by Danielle Steel
At 59, Beverly Hills boutique owner Jack Watson is handsome, charming and fabulously rich—not to mention “a fun guy, terrific in bed and an incurable playboy.” Onetime actress Amanda Kingston is a recent widow who, at 50, is “amazingly beautiful and still very much a movie star.” Kingston thinks Watson is a lech. He calls her the Ice Queen. It doesn’t take a genius to figure out where this story is headed. Unfortunately, Steel has been down this road before, and it shows. Her dialogue drips with clichés, the plot is thin even by Steel standards, and the author squanders any admiration she might have earned for making her characters middle-aged by repeatedly reminding the reader of how young they look.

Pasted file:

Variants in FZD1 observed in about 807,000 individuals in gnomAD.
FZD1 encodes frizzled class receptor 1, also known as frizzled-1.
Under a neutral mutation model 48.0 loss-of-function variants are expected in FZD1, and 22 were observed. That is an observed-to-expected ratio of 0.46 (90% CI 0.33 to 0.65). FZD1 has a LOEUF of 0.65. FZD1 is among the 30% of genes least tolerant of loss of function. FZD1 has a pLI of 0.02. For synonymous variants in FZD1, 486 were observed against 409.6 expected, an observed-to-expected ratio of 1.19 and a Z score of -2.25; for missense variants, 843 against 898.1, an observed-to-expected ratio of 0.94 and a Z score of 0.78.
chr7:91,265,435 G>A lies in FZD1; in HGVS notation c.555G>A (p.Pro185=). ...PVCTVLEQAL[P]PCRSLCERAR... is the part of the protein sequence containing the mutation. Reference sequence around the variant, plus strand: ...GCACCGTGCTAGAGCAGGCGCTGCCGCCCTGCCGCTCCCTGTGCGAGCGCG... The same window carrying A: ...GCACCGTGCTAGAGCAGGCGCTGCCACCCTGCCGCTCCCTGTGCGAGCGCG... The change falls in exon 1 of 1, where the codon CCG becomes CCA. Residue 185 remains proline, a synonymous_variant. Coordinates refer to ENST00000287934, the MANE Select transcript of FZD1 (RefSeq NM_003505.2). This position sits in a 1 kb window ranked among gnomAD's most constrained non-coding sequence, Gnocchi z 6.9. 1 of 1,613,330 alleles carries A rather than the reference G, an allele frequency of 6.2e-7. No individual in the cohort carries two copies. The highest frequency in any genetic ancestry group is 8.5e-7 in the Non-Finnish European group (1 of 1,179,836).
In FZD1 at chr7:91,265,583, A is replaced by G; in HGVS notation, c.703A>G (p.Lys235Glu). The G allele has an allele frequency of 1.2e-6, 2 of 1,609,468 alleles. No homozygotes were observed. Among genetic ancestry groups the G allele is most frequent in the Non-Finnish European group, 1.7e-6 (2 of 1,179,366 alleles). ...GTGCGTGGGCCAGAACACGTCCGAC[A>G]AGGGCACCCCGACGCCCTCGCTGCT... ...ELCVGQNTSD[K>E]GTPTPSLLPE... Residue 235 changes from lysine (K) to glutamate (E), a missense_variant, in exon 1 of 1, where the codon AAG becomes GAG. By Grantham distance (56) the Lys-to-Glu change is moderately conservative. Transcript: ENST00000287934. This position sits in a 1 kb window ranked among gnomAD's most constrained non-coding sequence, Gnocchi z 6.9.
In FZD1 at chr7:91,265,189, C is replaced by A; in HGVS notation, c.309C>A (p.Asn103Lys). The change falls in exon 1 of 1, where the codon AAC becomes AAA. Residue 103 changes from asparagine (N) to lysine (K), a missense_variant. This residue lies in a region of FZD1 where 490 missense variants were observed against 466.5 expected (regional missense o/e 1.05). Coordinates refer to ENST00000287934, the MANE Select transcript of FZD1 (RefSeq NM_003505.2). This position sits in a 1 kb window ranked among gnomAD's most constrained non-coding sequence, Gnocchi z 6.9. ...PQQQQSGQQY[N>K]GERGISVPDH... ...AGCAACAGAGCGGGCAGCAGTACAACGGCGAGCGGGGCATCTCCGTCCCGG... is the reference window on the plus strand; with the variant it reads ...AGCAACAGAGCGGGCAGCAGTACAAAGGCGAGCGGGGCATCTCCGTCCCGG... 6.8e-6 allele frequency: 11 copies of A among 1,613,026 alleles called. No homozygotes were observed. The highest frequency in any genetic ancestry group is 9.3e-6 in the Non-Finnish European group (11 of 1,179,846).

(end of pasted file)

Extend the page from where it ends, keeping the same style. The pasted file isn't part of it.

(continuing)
Too bad, then, that her publisher chose Special Delivery, Steel’s 40th novel, to launch the new Danielle Steel Reading Group, a marketing campaign to help readers start their own book discussion clubs—and, not coincidentally, sell more books. Steel’s loyal legions may sign on anyway, but this book won’t deliver any new converts. (Delacorte, $16.95)